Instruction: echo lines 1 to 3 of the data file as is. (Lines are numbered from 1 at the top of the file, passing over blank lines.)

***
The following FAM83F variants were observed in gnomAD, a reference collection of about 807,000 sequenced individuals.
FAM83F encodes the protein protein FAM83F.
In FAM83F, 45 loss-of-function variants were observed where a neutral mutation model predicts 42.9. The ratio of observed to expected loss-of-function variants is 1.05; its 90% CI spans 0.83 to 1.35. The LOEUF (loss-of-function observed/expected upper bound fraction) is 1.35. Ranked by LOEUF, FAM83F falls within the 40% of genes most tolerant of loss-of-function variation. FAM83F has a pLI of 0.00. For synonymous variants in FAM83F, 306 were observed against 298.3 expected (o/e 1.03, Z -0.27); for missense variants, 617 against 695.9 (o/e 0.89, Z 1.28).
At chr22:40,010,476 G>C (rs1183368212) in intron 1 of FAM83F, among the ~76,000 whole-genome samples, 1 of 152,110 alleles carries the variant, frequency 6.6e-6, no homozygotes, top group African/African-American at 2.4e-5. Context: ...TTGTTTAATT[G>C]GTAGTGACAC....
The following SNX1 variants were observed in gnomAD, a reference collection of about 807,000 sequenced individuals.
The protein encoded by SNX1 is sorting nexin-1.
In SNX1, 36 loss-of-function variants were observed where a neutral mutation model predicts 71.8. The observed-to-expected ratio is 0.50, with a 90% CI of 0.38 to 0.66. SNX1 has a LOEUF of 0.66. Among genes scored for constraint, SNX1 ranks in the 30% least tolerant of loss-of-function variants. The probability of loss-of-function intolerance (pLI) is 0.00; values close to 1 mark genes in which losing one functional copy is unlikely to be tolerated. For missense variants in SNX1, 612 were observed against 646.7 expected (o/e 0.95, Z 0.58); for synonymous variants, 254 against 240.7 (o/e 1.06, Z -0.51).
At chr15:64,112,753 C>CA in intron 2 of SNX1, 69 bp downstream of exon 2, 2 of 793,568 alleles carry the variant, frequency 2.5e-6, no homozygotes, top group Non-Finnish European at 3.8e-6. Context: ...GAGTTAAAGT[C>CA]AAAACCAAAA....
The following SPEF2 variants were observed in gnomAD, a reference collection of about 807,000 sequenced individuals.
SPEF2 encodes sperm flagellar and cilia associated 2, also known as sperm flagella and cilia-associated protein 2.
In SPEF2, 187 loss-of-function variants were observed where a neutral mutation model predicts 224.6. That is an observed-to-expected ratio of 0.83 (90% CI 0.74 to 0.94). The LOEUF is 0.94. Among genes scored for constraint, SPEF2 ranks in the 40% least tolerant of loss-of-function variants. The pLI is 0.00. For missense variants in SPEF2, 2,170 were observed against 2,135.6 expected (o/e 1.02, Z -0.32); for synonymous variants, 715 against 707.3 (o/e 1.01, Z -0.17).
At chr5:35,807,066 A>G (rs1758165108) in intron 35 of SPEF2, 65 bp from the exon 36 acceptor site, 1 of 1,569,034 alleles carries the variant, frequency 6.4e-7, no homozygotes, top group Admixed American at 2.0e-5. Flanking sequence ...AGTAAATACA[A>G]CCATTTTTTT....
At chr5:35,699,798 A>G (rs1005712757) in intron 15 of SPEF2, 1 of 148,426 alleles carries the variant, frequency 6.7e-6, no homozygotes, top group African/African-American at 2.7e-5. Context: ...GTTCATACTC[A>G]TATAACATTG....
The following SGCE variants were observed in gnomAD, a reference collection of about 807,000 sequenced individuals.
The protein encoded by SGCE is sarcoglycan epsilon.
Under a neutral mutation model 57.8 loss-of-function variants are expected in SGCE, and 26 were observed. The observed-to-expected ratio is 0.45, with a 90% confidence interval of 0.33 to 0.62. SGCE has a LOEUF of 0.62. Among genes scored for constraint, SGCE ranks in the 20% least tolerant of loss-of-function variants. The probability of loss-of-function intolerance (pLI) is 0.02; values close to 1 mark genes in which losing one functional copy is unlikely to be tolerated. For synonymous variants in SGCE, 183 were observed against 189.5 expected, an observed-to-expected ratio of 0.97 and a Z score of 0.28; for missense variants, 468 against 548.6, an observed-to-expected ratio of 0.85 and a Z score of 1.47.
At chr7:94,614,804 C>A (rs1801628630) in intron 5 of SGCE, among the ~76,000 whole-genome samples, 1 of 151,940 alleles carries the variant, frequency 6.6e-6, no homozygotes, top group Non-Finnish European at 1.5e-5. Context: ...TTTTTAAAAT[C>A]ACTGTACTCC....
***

The following FAM83F variants were observed in gnomAD, a reference collection of about 807,000 sequenced individuals.
FAM83F encodes the protein protein FAM83F.
In FAM83F, 45 loss-of-function variants were observed where a neutral mutation model predicts 42.9. The ratio of observed to expected loss-of-function variants is 1.05; its 90% CI spans 0.83 to 1.35. The LOEUF (loss-of-function observed/expected upper bound fraction) is 1.35. Ranked by LOEUF, FAM83F falls within the 40% of genes most tolerant of loss-of-function variation. FAM83F has a pLI of 0.00. For synonymous variants in FAM83F, 306 were observed against 298.3 expected (o/e 1.03, Z -0.27); for missense variants, 617 against 695.9 (o/e 0.89, Z 1.28).